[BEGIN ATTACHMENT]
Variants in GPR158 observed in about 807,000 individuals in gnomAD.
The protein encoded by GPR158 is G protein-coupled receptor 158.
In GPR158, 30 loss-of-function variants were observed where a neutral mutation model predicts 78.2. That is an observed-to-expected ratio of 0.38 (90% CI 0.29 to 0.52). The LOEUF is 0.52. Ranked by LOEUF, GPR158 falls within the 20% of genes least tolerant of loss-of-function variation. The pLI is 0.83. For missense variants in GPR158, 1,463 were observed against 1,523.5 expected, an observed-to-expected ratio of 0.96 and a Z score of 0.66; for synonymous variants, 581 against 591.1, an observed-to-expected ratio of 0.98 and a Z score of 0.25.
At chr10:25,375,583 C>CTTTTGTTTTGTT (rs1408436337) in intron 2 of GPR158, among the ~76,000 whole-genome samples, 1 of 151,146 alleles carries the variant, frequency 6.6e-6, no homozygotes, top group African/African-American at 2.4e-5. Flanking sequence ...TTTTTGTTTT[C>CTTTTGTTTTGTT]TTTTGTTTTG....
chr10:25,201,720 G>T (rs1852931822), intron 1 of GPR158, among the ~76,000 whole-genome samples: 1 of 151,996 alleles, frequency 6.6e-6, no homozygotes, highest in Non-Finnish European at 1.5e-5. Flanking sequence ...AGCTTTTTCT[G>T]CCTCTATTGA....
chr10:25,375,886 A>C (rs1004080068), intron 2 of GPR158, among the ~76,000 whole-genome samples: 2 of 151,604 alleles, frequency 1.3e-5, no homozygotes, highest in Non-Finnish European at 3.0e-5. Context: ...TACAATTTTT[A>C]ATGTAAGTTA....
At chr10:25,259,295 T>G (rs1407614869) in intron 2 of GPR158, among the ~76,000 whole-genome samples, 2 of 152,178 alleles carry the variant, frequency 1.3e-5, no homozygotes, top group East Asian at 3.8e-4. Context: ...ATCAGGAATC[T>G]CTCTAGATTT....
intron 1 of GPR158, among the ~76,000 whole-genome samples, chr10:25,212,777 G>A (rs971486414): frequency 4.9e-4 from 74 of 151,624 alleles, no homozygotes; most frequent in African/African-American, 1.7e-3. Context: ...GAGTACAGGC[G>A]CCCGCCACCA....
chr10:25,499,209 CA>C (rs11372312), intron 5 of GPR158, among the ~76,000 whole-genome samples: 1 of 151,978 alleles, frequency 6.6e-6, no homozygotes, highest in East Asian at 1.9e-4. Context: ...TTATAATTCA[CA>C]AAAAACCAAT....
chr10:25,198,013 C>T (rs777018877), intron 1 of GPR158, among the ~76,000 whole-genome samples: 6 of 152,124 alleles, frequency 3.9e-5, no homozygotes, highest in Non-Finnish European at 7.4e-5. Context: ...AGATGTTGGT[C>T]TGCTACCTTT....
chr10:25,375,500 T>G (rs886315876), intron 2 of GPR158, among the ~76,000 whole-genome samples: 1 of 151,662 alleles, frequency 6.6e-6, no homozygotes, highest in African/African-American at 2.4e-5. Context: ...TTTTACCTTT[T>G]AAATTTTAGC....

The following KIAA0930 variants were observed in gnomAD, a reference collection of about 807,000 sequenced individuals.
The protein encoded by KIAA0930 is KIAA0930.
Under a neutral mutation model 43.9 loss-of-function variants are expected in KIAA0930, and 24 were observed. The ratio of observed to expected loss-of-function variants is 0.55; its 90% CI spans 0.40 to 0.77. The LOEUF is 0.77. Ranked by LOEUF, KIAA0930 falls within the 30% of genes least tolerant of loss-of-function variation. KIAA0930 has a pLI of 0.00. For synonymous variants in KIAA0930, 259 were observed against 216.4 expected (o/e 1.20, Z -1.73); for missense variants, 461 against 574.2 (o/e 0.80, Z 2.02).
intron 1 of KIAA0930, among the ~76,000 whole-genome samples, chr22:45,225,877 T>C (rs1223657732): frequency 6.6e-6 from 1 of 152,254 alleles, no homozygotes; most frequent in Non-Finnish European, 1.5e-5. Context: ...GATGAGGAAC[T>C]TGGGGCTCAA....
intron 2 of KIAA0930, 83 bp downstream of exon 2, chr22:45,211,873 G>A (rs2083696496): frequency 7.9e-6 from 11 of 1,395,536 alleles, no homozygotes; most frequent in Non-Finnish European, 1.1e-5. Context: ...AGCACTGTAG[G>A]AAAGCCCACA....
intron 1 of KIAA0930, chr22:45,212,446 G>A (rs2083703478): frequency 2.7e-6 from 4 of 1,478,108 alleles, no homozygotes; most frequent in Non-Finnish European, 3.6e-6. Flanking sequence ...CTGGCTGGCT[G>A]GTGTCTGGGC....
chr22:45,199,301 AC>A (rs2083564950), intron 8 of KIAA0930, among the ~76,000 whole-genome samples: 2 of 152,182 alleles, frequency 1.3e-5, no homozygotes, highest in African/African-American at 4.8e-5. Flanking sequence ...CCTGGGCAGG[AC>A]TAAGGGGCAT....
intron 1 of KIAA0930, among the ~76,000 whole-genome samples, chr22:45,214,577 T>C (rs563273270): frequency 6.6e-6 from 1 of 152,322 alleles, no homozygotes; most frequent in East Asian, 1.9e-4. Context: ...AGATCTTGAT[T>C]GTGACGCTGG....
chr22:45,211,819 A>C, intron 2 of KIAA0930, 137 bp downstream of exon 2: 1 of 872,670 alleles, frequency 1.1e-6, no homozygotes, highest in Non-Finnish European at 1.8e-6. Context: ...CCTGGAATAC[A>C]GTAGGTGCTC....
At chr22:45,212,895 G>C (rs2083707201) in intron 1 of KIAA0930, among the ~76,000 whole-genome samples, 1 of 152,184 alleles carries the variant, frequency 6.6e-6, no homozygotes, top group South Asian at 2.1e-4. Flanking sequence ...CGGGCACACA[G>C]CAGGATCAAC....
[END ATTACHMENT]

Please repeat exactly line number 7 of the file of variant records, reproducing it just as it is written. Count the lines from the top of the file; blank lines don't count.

At chr10:25,259,295 T>G (rs1407614869) in intron 2 of GPR158, among the ~76,000 whole-genome samples, 2 of 152,178 alleles carry the variant, frequency 1.3e-5, no homozygotes, top group East Asian at 3.8e-4. Context: ...ATCAGGAATC[T>G]CTCTAGATTT....